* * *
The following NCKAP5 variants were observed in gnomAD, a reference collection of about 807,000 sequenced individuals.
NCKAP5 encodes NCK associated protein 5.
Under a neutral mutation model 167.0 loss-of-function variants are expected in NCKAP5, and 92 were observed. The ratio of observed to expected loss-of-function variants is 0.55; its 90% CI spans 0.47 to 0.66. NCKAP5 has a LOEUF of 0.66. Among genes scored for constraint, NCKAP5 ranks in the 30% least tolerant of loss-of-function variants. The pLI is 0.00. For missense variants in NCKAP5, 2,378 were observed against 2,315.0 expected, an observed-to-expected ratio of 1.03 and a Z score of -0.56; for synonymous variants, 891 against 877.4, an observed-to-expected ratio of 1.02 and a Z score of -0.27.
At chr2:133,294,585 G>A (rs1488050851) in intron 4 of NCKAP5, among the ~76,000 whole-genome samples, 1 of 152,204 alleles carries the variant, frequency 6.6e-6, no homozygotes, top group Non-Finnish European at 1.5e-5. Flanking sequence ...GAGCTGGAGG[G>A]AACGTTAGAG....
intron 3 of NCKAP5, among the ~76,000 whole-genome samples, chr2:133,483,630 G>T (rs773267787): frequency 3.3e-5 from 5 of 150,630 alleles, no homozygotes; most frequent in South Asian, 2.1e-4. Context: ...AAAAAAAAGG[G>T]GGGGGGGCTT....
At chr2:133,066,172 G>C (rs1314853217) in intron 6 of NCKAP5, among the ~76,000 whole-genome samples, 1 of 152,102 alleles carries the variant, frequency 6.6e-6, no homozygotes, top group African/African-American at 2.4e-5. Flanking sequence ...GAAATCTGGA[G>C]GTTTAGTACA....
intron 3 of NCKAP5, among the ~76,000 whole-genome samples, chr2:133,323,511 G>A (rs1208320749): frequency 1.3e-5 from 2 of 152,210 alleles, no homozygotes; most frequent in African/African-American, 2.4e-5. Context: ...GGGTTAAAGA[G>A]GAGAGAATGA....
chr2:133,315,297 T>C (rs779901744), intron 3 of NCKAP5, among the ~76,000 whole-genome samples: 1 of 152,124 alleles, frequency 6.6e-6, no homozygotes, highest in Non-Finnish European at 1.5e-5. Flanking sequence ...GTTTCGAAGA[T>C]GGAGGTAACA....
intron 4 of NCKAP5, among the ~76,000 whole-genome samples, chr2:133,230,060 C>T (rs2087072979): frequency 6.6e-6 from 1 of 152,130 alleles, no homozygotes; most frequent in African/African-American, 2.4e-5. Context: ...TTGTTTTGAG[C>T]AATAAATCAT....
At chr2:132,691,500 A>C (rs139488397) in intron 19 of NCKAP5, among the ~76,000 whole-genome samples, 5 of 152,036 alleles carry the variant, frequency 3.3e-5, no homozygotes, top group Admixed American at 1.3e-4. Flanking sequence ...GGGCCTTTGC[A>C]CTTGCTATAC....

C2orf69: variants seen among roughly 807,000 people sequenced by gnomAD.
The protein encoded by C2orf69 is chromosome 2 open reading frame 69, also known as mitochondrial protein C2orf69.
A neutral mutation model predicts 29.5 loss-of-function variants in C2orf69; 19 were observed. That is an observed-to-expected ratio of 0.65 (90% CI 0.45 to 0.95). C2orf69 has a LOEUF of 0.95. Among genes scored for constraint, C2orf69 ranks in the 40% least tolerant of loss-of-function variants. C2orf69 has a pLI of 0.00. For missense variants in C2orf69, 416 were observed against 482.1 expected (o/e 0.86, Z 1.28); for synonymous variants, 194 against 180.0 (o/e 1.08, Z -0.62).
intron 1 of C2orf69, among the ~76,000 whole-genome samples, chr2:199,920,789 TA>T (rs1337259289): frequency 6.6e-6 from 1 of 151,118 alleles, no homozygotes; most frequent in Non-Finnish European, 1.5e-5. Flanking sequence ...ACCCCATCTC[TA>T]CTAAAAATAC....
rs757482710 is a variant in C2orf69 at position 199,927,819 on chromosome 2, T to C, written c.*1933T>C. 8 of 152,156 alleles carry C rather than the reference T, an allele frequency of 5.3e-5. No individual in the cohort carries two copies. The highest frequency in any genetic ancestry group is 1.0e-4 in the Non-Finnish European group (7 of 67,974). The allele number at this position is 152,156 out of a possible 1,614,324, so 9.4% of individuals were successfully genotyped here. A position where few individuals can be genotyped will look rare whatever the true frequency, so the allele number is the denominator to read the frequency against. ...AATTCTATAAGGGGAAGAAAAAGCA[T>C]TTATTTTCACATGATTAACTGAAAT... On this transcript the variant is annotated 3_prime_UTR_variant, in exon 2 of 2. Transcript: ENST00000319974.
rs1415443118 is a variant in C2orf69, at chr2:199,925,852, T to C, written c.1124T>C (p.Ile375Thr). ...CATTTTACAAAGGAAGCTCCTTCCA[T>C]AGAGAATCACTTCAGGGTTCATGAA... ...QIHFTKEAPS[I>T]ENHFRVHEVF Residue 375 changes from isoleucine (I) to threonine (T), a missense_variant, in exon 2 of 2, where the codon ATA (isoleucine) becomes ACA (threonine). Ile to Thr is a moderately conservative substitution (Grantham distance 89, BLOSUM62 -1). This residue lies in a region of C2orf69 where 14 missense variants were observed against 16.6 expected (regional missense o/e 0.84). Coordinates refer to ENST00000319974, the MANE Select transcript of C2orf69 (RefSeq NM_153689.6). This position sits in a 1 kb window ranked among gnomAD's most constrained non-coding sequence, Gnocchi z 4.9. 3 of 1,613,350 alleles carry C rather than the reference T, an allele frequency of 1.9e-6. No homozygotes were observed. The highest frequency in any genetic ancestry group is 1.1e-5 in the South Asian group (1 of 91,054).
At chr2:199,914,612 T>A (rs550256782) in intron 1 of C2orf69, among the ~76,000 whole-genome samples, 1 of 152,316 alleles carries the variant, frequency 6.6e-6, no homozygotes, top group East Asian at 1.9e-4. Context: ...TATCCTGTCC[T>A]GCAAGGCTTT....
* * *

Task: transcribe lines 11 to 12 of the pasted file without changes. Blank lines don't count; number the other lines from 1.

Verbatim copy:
C2orf69: variants seen among roughly 807,000 people sequenced by gnomAD.
The protein encoded by C2orf69 is chromosome 2 open reading frame 69, also known as mitochondrial protein C2orf69.